Durham has many famous attractions. We all know about the cathedral and castle, as well as the big annual events such as the Big Meeting and the Durham Regatta.
But who remembers the attraction which was a familiar sight in the city centre until it finally disappeared in 1975?
We are talking about the police box which was in the Market Place and which was used to direct the traffic for decades.
Our nostalgic report in 1995, which took a 20-year anniversary look back on the days of the unusual attraction, called it “a landmark which gained an almost similar reputation” to the cathedral and castle.
The reason the box was there at all was so that it could “direct traffic through the cramped city centre”.
There to oversee it all would be a police officer, who would have control of the vehicles passing through Durham.
That officer would operate traffic lights to send vehicles on their way from Elvet, Claypath and Silver Street.
And one particular officer had particular reason to remember the police box when we interviewed him in 1995.
That was Pc Osborne, who was known as Ossie, and who would have been the man in the police box for 15 years.
He made sure the whole operation ran smoothly and that the traffic kept on flowing through Durham’s narrow streets.
Not only that, he was the last officer to carry out the duty before it was all transferred over to traffic wardens when he retired.
The powers-that-be decided that the operation was too much for one person to handle.
Instead, authorities brought in closed circuit television so whoever was in charge of the police box could have a view of the traffic in all directions.
That way, the traffic lights could be controlled in a way that allowed the flow to be much more regulated.
In a certain way, Durham was achieving a little bit of history, as this was the first time that closed circuit television had been used for traffic management.
By 1995, Ossie was 82 and still very much involved in the city, as he lived there, and lived less than a mile from his former beat with a difference.
Speaking to the Echo at the time, he said: “We were not given any specific training to operate the television in conjunction with the lights.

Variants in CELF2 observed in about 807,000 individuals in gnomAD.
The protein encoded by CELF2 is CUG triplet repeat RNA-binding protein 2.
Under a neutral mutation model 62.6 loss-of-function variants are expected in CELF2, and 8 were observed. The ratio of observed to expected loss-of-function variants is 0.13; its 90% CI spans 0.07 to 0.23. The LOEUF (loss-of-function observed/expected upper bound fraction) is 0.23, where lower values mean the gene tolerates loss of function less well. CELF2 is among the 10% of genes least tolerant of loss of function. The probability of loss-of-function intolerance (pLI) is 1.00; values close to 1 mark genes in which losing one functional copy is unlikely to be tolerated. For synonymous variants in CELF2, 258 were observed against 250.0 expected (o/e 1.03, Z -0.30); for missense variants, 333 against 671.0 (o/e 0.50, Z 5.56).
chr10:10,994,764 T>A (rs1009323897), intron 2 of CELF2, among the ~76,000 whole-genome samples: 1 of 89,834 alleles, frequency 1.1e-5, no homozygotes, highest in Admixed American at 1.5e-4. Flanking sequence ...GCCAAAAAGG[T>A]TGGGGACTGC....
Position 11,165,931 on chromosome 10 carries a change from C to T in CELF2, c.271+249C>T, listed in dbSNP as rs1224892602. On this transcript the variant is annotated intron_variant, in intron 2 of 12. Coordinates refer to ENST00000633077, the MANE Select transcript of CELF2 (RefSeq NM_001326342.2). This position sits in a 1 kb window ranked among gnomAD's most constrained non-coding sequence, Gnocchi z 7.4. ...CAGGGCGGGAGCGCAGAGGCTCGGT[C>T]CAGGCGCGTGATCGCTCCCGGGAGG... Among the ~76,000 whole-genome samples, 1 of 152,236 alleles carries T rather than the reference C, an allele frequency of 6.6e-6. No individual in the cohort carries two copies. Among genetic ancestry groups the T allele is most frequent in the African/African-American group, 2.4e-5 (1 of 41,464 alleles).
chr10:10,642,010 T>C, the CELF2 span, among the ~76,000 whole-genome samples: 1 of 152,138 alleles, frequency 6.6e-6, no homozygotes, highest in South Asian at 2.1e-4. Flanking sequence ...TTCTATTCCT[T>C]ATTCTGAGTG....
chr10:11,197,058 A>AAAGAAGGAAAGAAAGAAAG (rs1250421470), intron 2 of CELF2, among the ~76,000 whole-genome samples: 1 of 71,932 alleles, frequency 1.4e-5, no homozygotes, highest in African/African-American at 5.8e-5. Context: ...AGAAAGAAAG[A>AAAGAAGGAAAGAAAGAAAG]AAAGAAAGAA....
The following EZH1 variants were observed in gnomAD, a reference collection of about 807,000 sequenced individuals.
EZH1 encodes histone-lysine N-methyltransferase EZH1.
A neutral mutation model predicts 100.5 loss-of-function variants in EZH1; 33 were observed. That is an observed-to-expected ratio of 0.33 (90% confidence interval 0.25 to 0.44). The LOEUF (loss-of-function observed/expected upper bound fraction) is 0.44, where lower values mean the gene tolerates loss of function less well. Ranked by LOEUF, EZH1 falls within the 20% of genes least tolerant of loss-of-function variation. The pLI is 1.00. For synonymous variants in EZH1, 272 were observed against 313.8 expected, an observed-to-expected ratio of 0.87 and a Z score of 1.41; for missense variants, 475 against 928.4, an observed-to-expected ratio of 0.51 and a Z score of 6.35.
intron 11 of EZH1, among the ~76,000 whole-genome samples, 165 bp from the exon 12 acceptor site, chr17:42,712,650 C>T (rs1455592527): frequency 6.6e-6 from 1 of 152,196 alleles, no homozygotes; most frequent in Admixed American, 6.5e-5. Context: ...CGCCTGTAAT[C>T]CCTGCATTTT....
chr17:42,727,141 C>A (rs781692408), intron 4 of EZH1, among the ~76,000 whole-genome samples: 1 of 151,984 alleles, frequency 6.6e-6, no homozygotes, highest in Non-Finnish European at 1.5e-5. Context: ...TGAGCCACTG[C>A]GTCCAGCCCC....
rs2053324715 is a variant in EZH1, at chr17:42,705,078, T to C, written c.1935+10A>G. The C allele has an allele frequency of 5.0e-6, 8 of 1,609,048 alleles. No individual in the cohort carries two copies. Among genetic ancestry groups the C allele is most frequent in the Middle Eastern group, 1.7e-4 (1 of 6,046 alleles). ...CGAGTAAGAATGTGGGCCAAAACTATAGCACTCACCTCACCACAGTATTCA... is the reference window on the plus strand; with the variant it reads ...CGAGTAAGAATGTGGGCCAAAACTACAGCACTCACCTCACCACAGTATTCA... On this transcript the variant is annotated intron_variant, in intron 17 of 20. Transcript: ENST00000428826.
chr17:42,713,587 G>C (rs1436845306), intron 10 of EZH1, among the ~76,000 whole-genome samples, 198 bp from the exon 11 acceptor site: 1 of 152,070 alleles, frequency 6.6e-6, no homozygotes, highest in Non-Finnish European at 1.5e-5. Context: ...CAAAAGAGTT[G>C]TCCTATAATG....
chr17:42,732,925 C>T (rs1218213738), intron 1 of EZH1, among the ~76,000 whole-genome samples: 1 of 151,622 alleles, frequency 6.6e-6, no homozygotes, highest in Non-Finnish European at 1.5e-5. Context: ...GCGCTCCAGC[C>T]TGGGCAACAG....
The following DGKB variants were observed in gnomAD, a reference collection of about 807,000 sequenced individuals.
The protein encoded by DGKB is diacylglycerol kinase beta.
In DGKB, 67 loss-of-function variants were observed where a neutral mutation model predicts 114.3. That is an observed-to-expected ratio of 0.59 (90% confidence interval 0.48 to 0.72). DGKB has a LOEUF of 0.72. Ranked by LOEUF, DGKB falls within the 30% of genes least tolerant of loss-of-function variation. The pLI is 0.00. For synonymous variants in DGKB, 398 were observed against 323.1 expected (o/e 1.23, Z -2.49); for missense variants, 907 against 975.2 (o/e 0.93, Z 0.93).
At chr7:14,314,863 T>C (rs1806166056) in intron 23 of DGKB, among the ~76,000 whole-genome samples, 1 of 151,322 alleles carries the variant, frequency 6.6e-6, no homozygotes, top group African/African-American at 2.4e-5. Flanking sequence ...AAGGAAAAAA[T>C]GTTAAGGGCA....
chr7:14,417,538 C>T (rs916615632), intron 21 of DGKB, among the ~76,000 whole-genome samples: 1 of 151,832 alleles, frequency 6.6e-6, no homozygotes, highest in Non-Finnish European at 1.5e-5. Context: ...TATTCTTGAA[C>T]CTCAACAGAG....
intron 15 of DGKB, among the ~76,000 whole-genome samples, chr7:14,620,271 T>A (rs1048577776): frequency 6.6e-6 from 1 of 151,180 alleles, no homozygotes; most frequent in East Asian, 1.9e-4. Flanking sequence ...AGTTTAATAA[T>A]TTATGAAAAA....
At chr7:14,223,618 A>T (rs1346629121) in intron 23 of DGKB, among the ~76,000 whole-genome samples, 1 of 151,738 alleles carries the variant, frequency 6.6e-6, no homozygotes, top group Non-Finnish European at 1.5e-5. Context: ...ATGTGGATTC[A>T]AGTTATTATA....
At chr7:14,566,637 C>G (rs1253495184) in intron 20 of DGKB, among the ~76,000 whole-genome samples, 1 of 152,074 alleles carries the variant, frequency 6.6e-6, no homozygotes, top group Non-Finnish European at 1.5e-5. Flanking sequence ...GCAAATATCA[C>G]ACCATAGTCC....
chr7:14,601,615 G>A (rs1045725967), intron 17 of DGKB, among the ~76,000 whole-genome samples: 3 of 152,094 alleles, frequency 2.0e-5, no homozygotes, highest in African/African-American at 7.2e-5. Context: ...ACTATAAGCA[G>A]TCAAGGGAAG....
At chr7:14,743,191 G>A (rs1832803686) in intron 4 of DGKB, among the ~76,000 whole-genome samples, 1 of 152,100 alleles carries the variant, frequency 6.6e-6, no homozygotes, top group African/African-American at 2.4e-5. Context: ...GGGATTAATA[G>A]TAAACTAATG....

“But we soon got the hang of it, and it was a great help in getting traffic through the city centre.”
The need for a police box came to an end with the banning of traffic in Durham city centre during a time of change.
But what else was happening in the news back then, across Sunderland and County Durham?
One thousand schoolchildren aged 10 and 11 from church primary schools showed off their banner-making skills at Durham Cathedral.
Youngsters made banners with symbols of international co-operation such as the hands of friendship, doves and a rainbow.
Three Durham City students – Stephen and Richard Yates and their friend Jonathan Dunlop - did a 1,000-mile bike ride to raise more than £500 for charity, with £250 for the Red Cross and the rest split between Gilesgate Special Needs Group and Cancer Research.
And also in Durham, police were winning the fight against crime with the highest percentage fall in recorded offences since the reorganisation of police boundaries 20 years earlier.
Over in Sunderland, the illuminations were at the centre of the news, with fears that they could have the plug pulled on them because of Government cash cuts.
An 11th-hour rescue bid was launched to try to save them and traders were coming up with a rescue plan.
Also in the city, soft drinks manufacturer Villa, based at Southwick, was enjoying its busiest time of year, with production happening 24 hours a day over five days because Wearside was going through a heatwave.
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